The Diogenes Trilogy

Wikipedia tells me that between them, Douglas Preston and Lincoln Child have published 38 novels since 1995. (26 together, 5 and 7 apart, respectively.) And I like them. They’re entertaining, easy to read, and contain one unforgettable character: Special Agent Aloysius Pendergast, a modern-day Sherlock Holmes with an inexhaustible supply of arcane knowledge and a Batman-like ability to escape from every deadly threat.

But putting out more than one book a year has its drawbacks. The publisher’s deadline is looming and you have to keep the pages coming – the three volumes in this trilogy contain close to 500 each – and that can lead to redundant text because there isn’t time to sit, think… and cut what isn’t needed. So there were several passages in all three that I skimmed; not because they were badly written – none of them are –  but because I could see what was coming long before I got there.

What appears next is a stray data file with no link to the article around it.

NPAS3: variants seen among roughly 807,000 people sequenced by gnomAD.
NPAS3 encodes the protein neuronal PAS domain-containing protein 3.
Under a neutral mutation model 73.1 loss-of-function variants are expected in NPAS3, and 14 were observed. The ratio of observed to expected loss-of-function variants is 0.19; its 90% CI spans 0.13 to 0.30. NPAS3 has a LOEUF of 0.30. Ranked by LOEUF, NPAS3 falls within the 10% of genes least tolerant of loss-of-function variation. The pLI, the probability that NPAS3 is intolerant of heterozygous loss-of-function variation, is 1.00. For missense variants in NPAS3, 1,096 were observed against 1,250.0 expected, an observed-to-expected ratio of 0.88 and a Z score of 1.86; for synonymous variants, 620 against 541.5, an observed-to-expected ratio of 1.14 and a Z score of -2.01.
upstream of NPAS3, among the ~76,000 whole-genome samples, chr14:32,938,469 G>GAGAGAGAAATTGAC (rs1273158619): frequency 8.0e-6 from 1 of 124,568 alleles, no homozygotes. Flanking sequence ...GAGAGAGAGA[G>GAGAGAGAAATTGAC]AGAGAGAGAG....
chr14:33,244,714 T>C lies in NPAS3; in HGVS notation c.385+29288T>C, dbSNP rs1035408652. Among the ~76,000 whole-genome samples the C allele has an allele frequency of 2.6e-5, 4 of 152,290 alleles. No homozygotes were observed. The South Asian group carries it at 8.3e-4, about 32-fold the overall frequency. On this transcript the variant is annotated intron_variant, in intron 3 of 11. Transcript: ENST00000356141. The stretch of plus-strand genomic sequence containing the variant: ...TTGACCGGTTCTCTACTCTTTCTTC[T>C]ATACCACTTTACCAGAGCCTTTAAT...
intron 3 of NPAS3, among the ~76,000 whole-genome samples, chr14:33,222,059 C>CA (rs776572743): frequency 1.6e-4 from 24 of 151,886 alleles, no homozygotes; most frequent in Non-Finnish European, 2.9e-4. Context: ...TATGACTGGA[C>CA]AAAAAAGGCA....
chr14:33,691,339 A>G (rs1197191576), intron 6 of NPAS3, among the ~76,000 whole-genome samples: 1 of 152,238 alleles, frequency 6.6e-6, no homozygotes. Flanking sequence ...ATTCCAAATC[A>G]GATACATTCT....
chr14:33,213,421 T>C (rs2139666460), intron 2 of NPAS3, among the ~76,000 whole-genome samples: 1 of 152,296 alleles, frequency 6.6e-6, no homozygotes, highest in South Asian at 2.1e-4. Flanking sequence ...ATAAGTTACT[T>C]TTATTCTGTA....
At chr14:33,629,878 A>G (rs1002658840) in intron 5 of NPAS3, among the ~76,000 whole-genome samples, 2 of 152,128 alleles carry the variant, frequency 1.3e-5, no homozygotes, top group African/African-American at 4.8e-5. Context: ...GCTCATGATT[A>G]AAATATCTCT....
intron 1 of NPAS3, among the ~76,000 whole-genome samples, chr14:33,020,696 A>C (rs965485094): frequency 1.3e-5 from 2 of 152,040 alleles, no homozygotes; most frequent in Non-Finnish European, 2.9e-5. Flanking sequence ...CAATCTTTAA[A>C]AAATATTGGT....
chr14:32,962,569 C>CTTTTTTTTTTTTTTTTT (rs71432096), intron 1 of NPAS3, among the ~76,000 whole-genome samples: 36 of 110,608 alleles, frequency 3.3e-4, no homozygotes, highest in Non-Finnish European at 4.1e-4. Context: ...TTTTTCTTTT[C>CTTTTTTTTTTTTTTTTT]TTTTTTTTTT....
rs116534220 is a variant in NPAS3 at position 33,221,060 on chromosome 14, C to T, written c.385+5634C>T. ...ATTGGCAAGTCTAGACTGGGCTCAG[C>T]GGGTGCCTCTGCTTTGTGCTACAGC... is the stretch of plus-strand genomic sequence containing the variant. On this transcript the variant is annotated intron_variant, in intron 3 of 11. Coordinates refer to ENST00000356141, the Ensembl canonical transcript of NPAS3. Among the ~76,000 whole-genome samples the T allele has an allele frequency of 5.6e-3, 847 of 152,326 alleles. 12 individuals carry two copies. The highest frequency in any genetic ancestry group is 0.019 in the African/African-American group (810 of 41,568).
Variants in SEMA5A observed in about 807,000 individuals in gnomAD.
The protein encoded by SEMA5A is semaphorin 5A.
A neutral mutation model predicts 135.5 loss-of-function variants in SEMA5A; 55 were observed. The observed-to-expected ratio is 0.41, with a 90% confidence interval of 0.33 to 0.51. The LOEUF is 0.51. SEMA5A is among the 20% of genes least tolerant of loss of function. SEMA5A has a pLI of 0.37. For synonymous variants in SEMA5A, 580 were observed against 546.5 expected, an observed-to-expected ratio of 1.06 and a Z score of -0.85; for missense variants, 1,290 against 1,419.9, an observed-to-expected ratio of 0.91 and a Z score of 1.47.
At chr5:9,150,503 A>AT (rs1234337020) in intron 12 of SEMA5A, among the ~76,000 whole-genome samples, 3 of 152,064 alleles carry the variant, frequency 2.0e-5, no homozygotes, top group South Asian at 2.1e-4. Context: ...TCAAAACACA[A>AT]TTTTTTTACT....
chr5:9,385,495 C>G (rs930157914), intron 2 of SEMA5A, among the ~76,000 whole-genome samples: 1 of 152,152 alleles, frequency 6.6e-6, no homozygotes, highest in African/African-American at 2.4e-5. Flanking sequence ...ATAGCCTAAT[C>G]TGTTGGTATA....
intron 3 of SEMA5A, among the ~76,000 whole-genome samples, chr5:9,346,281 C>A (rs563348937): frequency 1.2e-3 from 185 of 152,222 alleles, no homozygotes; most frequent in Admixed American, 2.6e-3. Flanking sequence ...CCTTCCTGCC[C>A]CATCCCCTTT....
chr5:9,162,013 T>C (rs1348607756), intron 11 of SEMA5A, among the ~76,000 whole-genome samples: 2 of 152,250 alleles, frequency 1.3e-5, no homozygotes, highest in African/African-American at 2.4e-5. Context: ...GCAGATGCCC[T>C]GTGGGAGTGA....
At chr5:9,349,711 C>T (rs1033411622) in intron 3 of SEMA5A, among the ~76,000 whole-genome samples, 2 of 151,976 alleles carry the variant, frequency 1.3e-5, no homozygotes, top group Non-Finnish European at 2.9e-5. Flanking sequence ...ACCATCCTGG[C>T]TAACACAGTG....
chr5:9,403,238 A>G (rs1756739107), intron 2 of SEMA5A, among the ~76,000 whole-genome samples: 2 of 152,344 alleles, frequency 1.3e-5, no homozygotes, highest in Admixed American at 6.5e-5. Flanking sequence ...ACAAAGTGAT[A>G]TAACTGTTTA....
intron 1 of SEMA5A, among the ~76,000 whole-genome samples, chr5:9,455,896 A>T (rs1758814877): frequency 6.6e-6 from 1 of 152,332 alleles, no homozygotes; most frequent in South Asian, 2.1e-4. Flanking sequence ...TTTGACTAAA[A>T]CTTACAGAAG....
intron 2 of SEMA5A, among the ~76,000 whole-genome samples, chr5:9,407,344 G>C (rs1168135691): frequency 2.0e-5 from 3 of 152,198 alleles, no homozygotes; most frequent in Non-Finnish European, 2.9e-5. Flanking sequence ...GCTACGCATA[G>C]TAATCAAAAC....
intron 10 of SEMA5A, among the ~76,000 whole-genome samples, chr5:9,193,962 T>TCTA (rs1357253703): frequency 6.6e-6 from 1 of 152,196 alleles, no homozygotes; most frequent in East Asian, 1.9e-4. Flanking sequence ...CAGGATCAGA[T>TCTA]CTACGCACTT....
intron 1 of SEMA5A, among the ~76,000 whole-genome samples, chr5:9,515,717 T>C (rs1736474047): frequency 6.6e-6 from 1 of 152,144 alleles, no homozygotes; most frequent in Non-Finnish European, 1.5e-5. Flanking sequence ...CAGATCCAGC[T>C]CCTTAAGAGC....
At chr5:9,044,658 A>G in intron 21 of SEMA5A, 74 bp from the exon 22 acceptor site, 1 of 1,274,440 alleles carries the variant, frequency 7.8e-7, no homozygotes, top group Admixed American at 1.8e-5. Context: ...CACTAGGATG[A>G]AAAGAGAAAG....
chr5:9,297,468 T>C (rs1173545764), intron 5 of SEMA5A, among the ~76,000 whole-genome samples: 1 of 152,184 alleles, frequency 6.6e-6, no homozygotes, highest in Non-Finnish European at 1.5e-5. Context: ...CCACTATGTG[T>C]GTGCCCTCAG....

Dance of Death is the best of the trilogy, with a ridiculously complex robbery scheme that only God could pull off without a hitch, but which is also great fun. The first, Brimstone, has a bloviating villain who grows rapidly tiresome. The Book of the Dead puts Pendergast in prison (great reading how he survives) but gives too much time to his Mad Evil Genius Mastermind of a brother.

My favourite Pendergast story remains Still Life With Crows. But that could change because there are another 11 of his adventures I haven’t read. A prospect that makes me very happy.

D1   D2   D3

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